Chris Ham had produced a thought provoking article (read it here) on behalf of the Kings Fund, which looks at the decision by NHS England (NHSE) to rename accountable care systems as integrated  care systems, and asks what  does this mean for the NHS in the medium term?

The recent publication from NHSE, Refreshing NHS Plans for 2018/19, has a whole section dedicated to Integrated Care Systems, which is now the collective term for both devolved health and care systems and those systems previously known as ‘shadow accountable care systems’.  Integrated Care Systems bring together local authorities and NHS commissioners and providers to meet the needs of their local population.  Whilst NHS organisations will still be accountable to NHSE and NHS Improvement (NHSI), and local authorities remain accountable to their communities, many systems are developing processes of mutual accountability between all involved organisations.

Mutual accountability relies on a high level of trust between all organisations, with stringent governance arrangements in place to support the high levels of collaboration necessary.  There is no basis in law to support Integrated Care Systems, therefore they are reliant upon the organisations involved to sometimes put the interests of the wider community before their own.  They also rely on NHSE and NHSI to work together to support them in the short term – with most Integrated Care Systems becoming self-governing in the future.

This NHSE publication clearly states that Integrated Care Systems will play a major role in the planning and management of services and resources in the future.  The 10 Accountable Care Organisations (now relabelled Integrated Care Systems), already in existence, will, in 2018/19, prepare a single system operating plan and become responsible for system control.  It is expected that other systems will join this programme when they have the maturity to demonstrate a proven delivery track record, strong leadership, robust financial management and planning.

NHSE is sending a clear message: system working is here to stay.

Integrated Care Systems are aimed at making sense of the Health and Social Care Act 2012 without having to go through any changes to the law.  However, there is a danger that, without a legal framework, informal processes such as Memorandum of Understanding, Partnership Boards etc, may not be robust enough to stand up to difficult challenges, decisions or public scrutiny.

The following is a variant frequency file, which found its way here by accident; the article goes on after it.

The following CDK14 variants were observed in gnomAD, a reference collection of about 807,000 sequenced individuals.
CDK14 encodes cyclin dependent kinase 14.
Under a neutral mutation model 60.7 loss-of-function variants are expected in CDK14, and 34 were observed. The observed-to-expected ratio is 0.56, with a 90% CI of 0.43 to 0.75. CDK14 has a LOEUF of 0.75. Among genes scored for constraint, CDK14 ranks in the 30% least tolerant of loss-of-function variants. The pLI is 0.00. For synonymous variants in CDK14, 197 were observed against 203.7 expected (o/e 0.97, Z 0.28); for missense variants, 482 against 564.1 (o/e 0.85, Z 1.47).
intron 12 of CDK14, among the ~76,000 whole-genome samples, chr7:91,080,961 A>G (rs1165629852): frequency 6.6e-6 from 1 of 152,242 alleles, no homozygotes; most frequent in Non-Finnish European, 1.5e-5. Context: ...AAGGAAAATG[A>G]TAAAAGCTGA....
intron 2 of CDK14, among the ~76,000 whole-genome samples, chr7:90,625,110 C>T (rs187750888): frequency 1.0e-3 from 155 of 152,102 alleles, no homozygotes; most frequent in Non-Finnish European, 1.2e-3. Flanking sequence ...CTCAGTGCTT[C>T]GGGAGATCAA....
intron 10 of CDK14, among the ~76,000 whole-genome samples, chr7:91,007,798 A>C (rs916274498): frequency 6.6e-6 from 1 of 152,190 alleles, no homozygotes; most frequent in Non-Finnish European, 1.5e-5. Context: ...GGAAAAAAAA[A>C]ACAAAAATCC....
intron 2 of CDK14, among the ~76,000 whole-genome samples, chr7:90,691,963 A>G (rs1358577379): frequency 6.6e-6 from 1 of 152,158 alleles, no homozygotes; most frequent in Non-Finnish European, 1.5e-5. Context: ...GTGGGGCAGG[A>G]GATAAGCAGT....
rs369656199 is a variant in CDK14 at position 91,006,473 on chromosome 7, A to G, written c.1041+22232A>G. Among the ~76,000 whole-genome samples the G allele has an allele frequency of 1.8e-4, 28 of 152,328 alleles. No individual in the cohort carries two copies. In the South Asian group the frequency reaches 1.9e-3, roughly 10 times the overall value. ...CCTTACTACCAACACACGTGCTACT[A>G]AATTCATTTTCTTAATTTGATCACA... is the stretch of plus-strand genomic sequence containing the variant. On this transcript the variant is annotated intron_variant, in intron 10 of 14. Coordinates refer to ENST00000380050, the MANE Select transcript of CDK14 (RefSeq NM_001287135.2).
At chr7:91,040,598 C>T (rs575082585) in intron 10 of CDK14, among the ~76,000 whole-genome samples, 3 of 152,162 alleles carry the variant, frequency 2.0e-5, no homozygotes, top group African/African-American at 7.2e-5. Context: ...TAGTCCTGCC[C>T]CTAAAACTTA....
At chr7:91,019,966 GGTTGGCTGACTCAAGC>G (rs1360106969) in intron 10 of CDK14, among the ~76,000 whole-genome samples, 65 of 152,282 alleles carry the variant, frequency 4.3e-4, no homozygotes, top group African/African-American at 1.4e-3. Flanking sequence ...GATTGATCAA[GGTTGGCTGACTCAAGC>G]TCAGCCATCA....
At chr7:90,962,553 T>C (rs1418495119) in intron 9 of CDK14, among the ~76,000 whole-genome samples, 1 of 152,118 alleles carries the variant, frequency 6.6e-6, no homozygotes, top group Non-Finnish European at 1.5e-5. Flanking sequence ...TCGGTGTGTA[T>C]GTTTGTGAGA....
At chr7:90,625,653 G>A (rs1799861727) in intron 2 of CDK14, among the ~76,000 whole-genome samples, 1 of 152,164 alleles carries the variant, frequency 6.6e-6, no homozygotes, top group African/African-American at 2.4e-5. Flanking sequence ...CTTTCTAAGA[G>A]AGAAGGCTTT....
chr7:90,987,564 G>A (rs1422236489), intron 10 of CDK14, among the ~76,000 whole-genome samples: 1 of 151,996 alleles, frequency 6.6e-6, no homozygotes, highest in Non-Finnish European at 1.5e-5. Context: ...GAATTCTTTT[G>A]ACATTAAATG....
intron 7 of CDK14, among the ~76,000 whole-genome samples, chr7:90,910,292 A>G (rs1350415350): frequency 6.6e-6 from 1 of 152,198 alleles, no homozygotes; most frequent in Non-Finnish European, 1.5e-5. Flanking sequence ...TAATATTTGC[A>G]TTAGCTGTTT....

Nevertheless, concerns of ‘backdoor privatisation’ raised around the proposed national contract for accountable care organisations, (to be used as part of a procurement process), remain, and NHSE has agreed to delay the introduction of this contract until a consultation process has been completed.

The author questions the necessity of this proposed contract, when many areas are already using existing contractual flexibilities, such as alliance and lead provider contracts, to move towards integrated care through the alignment of NHS providers such as hospital, mental health and community services, with GP services and social care services.

However, in these areas, there are tensions due to the collaborative nature of these contracts between commissioners and providers, posing difficulties for the Clinical Commissioning Groups (CCGs) when determining if they need to undertake a competitive procurement process.  Many CCGs are anxious they may face a legal challenge from private companies who feel excluded from such contracts.

The author concludes that while there is no political will to align the law with integrated system and partnership working, then the NHS will have little option but to continue to muddle through the ambiguities and tensions which will inevitably arise.

To read the full report from Chris Ham for the Kings Fund please click here.